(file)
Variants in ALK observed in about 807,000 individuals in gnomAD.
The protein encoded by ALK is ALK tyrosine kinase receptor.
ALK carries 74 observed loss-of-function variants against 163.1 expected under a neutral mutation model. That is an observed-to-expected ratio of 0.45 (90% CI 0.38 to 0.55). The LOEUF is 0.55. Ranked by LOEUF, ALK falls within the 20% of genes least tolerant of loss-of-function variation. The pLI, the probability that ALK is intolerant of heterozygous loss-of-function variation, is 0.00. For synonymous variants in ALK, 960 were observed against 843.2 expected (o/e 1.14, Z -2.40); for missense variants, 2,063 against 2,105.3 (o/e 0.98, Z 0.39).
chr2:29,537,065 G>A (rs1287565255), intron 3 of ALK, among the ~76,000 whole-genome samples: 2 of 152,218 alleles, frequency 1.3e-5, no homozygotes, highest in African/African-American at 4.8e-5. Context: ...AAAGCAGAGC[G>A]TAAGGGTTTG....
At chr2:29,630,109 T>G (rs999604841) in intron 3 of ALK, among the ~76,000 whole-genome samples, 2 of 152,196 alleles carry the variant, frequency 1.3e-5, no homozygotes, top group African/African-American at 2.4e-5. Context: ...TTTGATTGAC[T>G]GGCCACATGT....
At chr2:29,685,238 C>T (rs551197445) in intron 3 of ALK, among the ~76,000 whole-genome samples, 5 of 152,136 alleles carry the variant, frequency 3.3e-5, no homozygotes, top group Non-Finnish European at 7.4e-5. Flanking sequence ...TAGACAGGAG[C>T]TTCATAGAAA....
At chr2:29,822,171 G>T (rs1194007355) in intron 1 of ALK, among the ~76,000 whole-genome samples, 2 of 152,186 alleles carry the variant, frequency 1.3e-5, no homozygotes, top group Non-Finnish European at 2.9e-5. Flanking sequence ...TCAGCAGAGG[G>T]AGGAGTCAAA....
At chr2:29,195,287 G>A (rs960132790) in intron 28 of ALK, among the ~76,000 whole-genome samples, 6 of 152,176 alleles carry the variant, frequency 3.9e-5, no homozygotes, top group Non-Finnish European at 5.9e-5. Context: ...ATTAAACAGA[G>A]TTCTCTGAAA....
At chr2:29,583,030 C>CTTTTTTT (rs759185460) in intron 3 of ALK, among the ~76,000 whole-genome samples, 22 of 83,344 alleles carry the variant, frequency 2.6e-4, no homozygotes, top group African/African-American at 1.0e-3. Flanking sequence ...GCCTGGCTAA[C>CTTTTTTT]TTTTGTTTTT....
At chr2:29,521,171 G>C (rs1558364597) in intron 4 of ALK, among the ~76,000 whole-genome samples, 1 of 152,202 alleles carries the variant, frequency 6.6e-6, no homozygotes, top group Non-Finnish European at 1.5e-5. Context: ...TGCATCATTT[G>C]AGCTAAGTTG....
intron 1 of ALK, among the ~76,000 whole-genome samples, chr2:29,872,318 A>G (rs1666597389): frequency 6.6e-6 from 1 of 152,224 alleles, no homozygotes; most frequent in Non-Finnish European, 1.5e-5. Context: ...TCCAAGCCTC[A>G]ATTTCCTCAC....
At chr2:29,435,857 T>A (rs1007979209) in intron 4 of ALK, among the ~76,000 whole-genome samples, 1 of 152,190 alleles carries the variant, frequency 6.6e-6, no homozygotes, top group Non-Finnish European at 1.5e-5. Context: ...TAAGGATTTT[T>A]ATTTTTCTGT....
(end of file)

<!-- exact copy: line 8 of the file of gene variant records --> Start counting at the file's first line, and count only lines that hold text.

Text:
At chr2:29,195,287 G>A (rs960132790) in intron 28 of ALK, among the ~76,000 whole-genome samples, 6 of 152,176 alleles carry the variant, frequency 3.9e-5, no homozygotes, top group Non-Finnish European at 5.9e-5. Context: ...ATTAAACAGA[G>A]TTCTCTGAAA....